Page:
San Diego based company Cadence Pharmaceuticals Inc. (Nasdaq:CADX) has won the approval of the U.S. Food and Drug Administration (FDA) to market Ofirmev (acetaminophen), its injected drug for pain and fever relief.
The new drug is the only in intravenous (IV) formulation of acetaminophen to be cleared in the United States for treatment of moderate to severe pain.
Ofirmev will aid patients who cannot tolerate oral pain killers post operation and also provides doctor an alternative to opioid-based pain relievers that can be addictive and cause serious adverse events like chronic constipation.
Ted Schroeder, president and CEO of Cadence declared, "The approval of OFIRMEV is a significant milestone for Cadence as we advance our mission to improve the lives of hospitalized adults and children.
"IV acetaminophen is the unit market share leader among all injectable pain medications in Europe. With our planned launch early in the first quarter of 2011, we believe that OFIRMEV will fill a significant gap in the United States for the treatment of pain and fever in the hospital setting."
Ofirmev will aid patients who cannot tolerate oral pain killers post operation and also provides doctor an alternative to opioid-based pain relievers that can be addictive and cause adverse events like chronic constipation.
Approval on the basis of clinical trials
The health regulators gave the green signal after assessing the safety data from 1375 patients who received IV acetaminophen in clinical trials, including 355 pediatric patients, from premature neonates to adolescents.
The trials included two pivotal studies for the treatment of acute pain in patients following orthopedic surgery and abdominal laparoscopic surgery and one pivotal clinical trial for the treatment of fever.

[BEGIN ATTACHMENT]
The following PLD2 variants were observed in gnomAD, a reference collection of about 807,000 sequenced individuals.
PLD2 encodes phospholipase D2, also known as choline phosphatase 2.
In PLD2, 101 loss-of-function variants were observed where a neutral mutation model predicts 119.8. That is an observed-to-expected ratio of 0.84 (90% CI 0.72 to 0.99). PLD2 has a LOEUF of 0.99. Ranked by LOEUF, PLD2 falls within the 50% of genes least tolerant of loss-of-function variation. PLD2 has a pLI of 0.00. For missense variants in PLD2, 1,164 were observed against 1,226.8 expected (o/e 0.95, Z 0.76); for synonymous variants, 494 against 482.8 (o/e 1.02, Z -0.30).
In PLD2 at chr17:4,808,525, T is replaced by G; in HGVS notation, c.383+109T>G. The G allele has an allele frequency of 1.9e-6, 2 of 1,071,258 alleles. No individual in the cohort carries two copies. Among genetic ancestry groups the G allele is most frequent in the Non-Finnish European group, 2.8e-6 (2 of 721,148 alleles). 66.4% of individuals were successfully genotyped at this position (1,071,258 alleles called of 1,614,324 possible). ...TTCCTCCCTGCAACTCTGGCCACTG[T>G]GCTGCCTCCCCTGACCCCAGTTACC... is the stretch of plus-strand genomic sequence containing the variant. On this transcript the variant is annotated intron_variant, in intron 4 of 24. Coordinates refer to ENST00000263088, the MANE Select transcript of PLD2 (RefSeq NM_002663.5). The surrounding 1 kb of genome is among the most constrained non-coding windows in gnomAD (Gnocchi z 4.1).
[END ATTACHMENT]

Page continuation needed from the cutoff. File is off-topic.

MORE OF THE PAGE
Outcome of the three studies
The intravenous formulation showed promising results in all the clinical trials.
The first study included 101 orthopaedic patients undergoing hip or knee replacement surgery. The patients were injected with 1000 mg of the pain killer every 6 hours.
The researchers found Ofirmev to be far superior to a placebo. It not only reduced the intensity of pain significantly over 24 hours but also cut the use of morphine (33 percent over 24 hours; P<.01).
In the second study 244 patients undergoing abdominal laparoscopic surgery were assigned to either a dose of1000 mg of injectable acetaminophen every 6 hours, or 650 mg every 4 hours.
Compared to a placebo, the painkiller exhibited a dramatic reduction in pain intensity over 24 hours (P <.02).
In the third study, adult volunteers with induced fever were given a single dose of intravenous acetaminophen 1000 mg.
It was observed that new drug lowered the temperature within six hours in comparison with placebo (P <.01).
The results were evident within 15 minutes of treatment.
Eugene R. Viscusi, MD, Acute Pain Management, Thomas Jefferson University, Philadelphia, Pennsylvania, stated, "[Injectable acetaminophen] is a long-awaited and much needed addition to postoperative pain management.
"With this approval, clinicians will now be better able to use a multi-modal approach to pain management in the hospital setting, when oral medication can't be used."